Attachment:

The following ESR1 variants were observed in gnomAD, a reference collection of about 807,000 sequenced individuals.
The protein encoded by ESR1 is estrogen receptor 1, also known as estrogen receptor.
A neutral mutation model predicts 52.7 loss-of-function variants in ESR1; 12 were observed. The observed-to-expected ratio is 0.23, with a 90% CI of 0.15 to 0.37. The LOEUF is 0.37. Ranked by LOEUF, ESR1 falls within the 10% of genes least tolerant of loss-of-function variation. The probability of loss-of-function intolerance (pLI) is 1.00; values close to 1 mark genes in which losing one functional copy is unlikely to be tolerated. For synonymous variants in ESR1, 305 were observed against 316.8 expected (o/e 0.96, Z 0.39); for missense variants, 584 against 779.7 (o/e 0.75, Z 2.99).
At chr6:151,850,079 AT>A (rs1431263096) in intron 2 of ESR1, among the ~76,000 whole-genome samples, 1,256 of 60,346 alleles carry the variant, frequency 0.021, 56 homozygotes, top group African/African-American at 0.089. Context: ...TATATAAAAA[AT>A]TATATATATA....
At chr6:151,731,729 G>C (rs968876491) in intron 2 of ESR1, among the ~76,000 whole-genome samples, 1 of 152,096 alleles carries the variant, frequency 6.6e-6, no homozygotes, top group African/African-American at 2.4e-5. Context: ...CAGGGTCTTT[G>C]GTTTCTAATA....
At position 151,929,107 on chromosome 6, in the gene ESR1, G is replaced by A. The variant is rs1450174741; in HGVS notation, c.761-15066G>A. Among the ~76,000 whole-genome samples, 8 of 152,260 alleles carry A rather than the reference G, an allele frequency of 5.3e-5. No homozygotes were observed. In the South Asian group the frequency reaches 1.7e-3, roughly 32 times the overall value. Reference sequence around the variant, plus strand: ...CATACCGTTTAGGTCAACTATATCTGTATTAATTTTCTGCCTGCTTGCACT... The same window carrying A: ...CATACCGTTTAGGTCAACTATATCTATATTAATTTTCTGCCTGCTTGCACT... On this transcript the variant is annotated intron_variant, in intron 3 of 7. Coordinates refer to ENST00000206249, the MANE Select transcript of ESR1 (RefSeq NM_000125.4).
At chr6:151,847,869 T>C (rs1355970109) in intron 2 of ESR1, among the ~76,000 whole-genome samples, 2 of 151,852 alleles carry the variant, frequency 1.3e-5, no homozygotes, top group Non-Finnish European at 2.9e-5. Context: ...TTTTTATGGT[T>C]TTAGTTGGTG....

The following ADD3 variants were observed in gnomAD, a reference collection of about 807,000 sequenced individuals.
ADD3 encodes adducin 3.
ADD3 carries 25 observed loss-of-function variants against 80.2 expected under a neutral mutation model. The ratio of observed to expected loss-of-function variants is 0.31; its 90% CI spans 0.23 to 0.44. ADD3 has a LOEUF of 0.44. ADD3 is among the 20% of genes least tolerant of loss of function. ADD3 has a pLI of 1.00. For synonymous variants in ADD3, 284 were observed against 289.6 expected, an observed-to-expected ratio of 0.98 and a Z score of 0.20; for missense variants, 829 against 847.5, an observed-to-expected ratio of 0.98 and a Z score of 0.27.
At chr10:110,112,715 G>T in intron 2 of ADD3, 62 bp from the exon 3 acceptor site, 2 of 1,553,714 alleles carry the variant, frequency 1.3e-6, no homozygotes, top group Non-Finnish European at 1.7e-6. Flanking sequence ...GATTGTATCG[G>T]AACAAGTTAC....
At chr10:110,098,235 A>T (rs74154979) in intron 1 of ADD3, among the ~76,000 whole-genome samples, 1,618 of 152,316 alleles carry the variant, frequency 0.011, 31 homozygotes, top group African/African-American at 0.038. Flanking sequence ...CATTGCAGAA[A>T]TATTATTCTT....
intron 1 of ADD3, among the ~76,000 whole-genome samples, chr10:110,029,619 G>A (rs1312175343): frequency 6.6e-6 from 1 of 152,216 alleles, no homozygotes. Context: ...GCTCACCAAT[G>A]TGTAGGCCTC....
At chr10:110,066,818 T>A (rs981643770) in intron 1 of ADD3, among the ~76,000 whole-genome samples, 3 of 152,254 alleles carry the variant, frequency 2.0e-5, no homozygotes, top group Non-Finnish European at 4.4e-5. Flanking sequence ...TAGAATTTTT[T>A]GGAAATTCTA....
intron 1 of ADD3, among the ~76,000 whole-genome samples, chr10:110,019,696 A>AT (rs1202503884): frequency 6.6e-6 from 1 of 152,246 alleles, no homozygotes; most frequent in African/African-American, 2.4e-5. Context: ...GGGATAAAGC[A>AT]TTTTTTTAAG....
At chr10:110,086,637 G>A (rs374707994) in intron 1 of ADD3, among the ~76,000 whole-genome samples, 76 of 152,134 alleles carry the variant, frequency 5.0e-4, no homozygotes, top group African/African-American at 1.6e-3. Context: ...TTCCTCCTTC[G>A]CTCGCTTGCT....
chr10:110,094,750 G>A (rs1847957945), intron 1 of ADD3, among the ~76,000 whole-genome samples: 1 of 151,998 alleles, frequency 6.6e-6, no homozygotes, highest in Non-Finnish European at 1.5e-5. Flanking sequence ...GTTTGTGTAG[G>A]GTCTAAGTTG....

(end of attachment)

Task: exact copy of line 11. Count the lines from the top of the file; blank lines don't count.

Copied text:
At chr10:110,112,715 G>T in intron 2 of ADD3, 62 bp from the exon 3 acceptor site, 2 of 1,553,714 alleles carry the variant, frequency 1.3e-6, no homozygotes, top group Non-Finnish European at 1.7e-6. Flanking sequence ...GATTGTATCG[G>T]AACAAGTTAC....